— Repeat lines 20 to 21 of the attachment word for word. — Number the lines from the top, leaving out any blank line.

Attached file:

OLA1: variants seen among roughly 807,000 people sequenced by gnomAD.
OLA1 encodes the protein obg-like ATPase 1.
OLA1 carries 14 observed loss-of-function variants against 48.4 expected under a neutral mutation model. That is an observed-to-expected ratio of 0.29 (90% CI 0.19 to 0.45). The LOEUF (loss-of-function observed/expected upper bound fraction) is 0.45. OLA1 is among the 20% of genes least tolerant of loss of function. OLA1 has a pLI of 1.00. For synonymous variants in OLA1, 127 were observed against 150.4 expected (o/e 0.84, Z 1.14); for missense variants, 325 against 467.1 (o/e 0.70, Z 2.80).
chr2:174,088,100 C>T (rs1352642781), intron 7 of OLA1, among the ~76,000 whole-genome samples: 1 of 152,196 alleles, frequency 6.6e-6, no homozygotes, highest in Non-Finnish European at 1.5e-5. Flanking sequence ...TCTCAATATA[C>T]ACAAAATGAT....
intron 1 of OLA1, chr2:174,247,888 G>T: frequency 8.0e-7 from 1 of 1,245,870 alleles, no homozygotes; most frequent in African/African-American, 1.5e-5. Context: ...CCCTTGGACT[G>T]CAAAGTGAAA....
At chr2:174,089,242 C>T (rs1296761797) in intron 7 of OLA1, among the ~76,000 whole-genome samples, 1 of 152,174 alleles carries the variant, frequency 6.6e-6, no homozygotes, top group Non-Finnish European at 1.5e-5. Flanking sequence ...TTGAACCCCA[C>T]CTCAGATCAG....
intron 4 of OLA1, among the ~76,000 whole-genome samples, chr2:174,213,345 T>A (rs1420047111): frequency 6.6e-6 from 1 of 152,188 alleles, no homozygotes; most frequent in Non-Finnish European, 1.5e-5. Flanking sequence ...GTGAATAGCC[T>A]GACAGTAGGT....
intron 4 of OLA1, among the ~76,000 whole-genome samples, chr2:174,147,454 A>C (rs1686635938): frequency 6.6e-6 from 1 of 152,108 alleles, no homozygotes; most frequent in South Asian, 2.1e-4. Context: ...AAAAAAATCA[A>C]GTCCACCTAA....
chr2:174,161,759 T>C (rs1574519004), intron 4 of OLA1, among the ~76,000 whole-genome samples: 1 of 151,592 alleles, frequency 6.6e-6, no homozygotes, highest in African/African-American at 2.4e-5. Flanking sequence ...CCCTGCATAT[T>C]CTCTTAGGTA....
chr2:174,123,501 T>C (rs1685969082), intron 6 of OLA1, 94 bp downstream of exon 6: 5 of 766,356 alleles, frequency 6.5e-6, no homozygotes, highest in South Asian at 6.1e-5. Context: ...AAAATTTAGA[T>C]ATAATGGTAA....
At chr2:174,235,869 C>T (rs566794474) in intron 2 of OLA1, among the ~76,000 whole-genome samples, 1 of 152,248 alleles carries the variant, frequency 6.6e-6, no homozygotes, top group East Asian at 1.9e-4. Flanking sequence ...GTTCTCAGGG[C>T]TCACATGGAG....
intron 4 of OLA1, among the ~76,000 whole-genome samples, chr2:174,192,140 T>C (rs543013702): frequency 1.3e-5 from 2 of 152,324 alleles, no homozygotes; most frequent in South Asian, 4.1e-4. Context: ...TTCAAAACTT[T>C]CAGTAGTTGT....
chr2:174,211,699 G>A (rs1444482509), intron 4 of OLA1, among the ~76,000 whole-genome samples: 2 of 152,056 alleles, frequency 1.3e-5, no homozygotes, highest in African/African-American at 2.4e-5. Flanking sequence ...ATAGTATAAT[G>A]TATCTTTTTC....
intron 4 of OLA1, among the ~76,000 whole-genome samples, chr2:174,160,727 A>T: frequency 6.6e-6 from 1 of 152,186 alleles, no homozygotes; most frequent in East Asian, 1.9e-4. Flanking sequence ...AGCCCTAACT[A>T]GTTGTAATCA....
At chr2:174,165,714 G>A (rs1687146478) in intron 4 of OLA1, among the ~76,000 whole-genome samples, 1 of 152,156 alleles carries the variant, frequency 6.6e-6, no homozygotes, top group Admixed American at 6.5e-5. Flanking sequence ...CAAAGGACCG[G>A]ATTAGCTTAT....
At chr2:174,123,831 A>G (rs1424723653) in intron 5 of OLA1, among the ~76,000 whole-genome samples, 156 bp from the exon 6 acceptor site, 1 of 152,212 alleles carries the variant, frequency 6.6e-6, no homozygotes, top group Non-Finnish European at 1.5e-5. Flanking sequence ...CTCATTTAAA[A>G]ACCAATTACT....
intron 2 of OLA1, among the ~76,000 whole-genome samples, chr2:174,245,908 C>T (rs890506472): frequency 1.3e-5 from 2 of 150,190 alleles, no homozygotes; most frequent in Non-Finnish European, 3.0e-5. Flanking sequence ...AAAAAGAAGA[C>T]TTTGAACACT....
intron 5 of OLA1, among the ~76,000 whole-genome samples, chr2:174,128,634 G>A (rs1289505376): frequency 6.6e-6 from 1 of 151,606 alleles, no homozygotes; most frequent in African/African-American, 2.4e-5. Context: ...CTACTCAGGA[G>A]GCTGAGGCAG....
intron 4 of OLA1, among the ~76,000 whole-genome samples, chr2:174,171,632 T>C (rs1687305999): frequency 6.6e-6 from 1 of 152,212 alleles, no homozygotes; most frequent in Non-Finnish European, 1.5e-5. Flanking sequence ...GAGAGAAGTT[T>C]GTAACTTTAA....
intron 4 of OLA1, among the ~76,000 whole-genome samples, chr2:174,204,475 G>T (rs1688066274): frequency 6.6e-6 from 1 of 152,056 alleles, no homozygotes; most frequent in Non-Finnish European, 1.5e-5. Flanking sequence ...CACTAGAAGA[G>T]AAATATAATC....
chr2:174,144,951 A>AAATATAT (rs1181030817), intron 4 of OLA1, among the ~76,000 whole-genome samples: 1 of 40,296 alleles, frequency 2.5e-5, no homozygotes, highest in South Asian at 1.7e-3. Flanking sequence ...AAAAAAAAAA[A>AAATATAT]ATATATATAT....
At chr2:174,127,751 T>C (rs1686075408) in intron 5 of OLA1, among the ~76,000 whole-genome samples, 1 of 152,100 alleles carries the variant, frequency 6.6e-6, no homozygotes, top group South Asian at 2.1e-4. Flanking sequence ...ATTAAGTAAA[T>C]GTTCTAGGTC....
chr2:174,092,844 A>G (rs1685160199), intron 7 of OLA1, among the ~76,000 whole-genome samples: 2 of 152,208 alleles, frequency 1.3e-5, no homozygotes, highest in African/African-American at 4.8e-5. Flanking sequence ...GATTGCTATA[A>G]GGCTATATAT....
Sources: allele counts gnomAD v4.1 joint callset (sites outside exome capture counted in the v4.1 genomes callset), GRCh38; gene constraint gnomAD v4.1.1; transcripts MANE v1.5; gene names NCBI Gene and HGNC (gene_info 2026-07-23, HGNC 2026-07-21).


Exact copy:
intron 4 of OLA1, among the ~76,000 whole-genome samples, chr2:174,204,475 G>T (rs1688066274): frequency 6.6e-6 from 1 of 152,056 alleles, no homozygotes; most frequent in Non-Finnish European, 1.5e-5. Flanking sequence ...CACTAGAAGA[G>T]AAATATAATC....
chr2:174,144,951 A>AAATATAT (rs1181030817), intron 4 of OLA1, among the ~76,000 whole-genome samples: 1 of 40,296 alleles, frequency 2.5e-5, no homozygotes, highest in South Asian at 1.7e-3. Flanking sequence ...AAAAAAAAAA[A>AAATATAT]ATATATATAT....